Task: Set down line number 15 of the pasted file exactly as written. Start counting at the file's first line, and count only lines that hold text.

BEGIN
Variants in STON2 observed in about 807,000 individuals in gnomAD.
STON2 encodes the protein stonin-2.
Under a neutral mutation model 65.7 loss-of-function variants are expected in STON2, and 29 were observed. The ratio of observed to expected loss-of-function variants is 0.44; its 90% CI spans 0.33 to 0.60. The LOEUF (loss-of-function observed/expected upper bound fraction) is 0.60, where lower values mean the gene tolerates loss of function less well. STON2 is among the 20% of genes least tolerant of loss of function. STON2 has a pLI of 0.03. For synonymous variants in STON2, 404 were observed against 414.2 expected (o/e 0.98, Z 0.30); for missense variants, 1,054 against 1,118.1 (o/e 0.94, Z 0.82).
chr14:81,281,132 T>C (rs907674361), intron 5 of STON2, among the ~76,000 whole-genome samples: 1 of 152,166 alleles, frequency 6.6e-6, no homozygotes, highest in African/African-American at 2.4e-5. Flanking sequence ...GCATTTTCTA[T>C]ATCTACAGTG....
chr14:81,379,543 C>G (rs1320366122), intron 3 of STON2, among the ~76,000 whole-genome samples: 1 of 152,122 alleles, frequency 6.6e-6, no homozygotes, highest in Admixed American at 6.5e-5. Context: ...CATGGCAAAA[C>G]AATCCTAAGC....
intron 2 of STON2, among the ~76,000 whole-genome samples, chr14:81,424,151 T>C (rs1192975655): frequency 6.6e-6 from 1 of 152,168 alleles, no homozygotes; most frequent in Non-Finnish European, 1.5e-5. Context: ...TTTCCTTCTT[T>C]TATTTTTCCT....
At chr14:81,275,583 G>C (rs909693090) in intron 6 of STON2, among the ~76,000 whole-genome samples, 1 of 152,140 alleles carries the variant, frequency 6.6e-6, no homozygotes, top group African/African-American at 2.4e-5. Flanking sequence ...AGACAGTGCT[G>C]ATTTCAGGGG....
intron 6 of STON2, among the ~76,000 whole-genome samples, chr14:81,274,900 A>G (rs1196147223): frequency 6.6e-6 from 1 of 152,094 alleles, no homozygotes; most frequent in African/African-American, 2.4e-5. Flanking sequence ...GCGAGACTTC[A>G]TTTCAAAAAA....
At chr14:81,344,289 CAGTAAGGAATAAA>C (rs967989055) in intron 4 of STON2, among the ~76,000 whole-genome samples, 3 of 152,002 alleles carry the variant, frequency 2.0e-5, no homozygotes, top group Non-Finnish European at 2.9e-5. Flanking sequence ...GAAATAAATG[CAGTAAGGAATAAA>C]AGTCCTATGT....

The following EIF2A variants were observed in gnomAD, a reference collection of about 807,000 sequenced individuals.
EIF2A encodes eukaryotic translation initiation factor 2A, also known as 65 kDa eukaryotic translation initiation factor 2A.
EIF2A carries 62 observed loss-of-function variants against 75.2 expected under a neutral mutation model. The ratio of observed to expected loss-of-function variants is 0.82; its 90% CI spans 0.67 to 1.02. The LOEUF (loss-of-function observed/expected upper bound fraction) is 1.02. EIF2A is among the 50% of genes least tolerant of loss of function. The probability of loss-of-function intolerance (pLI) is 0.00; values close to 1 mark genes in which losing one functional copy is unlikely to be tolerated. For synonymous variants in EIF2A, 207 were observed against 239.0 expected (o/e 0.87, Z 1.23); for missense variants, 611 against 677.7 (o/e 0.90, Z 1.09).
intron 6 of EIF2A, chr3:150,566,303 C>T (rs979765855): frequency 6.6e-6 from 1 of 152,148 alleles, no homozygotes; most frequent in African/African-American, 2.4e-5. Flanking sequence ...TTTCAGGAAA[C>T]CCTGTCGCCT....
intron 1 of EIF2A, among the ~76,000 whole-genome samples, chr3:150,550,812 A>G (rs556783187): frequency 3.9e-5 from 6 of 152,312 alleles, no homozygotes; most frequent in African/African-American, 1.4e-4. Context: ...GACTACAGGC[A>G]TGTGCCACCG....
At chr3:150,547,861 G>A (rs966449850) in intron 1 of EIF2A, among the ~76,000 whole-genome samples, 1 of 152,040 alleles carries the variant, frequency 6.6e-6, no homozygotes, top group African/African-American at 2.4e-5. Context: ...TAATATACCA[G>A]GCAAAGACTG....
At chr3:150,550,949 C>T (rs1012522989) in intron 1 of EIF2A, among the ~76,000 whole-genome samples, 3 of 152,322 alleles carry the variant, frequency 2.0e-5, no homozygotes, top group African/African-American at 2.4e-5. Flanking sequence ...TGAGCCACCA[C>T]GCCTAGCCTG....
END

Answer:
At chr3:150,547,861 G>A (rs966449850) in intron 1 of EIF2A, among the ~76,000 whole-genome samples, 1 of 152,040 alleles carries the variant, frequency 6.6e-6, no homozygotes, top group African/African-American at 2.4e-5. Context: ...TAATATACCA[G>A]GCAAAGACTG....